"The sweet little fool…" he whispered to himself.
Two sharp barks startled Shad and snapped his attention down to his feet. There, one of the few puppies that wandered the streets all the time stood on his boots. Seeing it had Shad's awareness, the pup barked again and then picked up a bone into its mouth.
Well… I suppose this flower has drawn something toward me. Pity we are not the same species but I wager this will have to suffice. Better than nothing, I say.
Shad tossed the bone, which admittedly was not that far, but the pup did not mind and happily chased after it. Their play continued on for a while with plentiful intermittent breaks for petting, ear scratching and belly rubs.
"I say, I would take you home with me," he told the pup, wagging its tail vigorously as he patted its back, "however, my landlord does not permit pets. Except fish. And it is most unfortunate that you are not a fish."
Something wet plunked against Shad's head. Looking up to investigate, Shad's spectacles were quickly splattered with rain. With the light sprinkle developing rapidly into a downpour, Shad hastened to the shelter of an awning, the pup following in tow and laying down at his feet.
Shad had seen the rain coming. It was not fortune-telling or any sort of magic or trick. It was simple meteorology. It did not take the divination of the Goddesses' will to look up at the sky and figure out the coming weather. How unfortunate a turn it was for the Lovers' Day festivities however, with any luck, the shower would pass soon and all the activities of love and romance could resume. And if not and the remainder of the festival was washed out and all the couples rushed home soaked, at least they had one another. Shad had no one. And he in all likelihood never would.
For some reason, the cruel irony of the Goddesses, Shad supposed, Shad tended to fall for boys that would never be interested in him. He had had many crushes but he had wound up being bullied and beaten by many of his heart's desires—for every other reason but his attraction to them since Shad never could tell them—that Shad gave up. Hope still burned within him that he would find love, but there was not much fuel left to keep the fire going forever. And Shad quite expected that fire to snuff out.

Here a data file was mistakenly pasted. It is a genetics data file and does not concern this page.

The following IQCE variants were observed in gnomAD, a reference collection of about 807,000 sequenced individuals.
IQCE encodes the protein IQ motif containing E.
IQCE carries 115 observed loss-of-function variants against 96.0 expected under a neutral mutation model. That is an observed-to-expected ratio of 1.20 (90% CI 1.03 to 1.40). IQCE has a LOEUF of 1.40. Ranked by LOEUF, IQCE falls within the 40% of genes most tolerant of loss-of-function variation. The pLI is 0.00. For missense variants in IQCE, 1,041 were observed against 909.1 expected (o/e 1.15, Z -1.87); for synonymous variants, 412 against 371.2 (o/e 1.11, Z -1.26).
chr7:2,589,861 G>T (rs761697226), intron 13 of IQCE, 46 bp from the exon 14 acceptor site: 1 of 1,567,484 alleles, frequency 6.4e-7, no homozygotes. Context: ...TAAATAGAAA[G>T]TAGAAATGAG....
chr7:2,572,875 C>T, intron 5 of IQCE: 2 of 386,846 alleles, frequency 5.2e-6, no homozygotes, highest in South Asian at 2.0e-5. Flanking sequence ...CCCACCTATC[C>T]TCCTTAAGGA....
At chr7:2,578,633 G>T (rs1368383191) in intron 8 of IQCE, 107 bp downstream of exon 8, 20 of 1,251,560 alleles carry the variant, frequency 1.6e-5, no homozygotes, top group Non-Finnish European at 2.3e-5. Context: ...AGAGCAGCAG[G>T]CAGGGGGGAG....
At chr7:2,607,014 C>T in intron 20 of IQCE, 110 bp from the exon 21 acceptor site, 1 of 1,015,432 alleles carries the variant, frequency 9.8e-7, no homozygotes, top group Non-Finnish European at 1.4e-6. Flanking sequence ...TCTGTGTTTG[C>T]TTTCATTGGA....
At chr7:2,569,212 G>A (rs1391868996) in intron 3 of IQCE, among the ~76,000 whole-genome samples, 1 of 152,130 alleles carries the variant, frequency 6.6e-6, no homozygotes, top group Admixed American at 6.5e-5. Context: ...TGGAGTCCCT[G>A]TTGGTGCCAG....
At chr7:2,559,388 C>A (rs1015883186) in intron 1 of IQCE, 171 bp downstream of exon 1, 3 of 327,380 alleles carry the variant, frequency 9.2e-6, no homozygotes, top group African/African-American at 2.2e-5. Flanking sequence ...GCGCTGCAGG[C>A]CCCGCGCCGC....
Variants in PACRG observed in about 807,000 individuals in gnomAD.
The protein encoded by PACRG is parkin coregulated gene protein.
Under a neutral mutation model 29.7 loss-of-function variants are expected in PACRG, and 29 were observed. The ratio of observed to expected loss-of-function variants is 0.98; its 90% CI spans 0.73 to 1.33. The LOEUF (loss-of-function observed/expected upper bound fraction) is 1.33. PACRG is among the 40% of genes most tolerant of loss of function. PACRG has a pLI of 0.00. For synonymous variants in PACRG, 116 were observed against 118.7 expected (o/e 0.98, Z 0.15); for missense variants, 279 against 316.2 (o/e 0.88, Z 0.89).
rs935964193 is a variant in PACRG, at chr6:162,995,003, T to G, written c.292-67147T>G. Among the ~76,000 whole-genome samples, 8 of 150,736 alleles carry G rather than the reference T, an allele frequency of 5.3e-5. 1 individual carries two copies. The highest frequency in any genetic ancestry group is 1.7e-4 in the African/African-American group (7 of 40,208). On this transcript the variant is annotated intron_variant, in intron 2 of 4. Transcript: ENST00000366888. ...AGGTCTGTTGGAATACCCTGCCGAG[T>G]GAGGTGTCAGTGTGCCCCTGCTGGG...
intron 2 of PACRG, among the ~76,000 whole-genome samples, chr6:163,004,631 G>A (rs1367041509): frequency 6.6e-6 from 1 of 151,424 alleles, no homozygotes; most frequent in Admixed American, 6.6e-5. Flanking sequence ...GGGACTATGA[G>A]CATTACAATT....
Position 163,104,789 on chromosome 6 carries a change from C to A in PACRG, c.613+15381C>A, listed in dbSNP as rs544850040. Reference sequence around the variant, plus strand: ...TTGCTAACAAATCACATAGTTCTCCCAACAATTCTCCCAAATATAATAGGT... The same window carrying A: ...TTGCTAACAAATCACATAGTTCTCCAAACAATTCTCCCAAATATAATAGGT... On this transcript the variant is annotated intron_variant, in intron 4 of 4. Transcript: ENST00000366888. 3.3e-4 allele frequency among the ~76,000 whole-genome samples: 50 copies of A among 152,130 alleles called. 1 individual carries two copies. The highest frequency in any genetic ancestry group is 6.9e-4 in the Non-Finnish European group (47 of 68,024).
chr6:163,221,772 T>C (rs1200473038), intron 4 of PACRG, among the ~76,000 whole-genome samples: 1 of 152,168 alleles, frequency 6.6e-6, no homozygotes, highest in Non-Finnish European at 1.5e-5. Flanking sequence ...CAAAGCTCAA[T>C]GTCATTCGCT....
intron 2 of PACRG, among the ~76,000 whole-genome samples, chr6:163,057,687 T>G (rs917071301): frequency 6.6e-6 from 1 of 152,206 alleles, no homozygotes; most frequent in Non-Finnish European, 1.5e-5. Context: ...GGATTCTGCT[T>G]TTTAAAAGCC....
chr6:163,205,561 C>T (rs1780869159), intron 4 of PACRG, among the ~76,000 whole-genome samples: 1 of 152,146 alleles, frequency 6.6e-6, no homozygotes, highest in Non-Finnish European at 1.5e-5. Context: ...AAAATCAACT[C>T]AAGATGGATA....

Shad stood and waited for the rain to lighten or drizzle out but the rain poured on and cascaded down the sides of the awning in miniature waterfalls. Shad pressed his back against the wall, pulled his short jacket as far as it would go around him, crossed his arms over his chest and braced against the wind and rain. Early spring rains were cold, yes, however they were usually not as violent as this downpour. If he thought he had a chance of making it inside somewhere, Shad would have tried but the visibility was so poor and the rain pounded against the cobblestone. All Shad could do was wait it out and hope the shower lessened enough soon so he could make a run for it.
He was a fool, of course. No one would ever truly consider him as a love. There was always someone better, someone more fitting than him in the world to be someone's love. Shad was never destined for love. He was only doomed to heartbreak.
If he wasn't, why did he only fall in love with boys who would never love him back? Why then did he fall in love with Link?
It was true. Shad had been harboring feelings for his best and only true friend for quite some time now. He had feared the worst when he first realized his feelings—after all, his secret loves had a history of beating him up. Of course, after his fleeting moment of irrationality, because Link would never hurt him, passed by, the true fear set in—Shad did not want to lose his best friend.
He could not bear to lose both a love and friend in the same instant. So Shad never told him. Yet. Not that he was going to. Ever. It was rather pointless anyway, he had realized one day. After all, it was not like he had a chance with Link. If Shad was ever more certain on anyone, it was that he was certain Link did not share his preference. He had Ilia. And he loved her. Sweet girl.
Shad watched the rain patter on and breathed on his cold hands for a bit of heat. The awning protected his head all right but the open sides and the heavy winds carried the diagonal downpour inside his so-called shelter. He was cold and damp and wishing the rain would let up just long enough for him to go home.
Oh was he ever so relieved when it at last did. The pup had been his first indication. After sitting so patiently beside him, the pup suddenly rose and ran off. It was then that Shad noticed the rain tapering off to a steady sprinkle. Believing this to be his opportunity as well, Shad took off.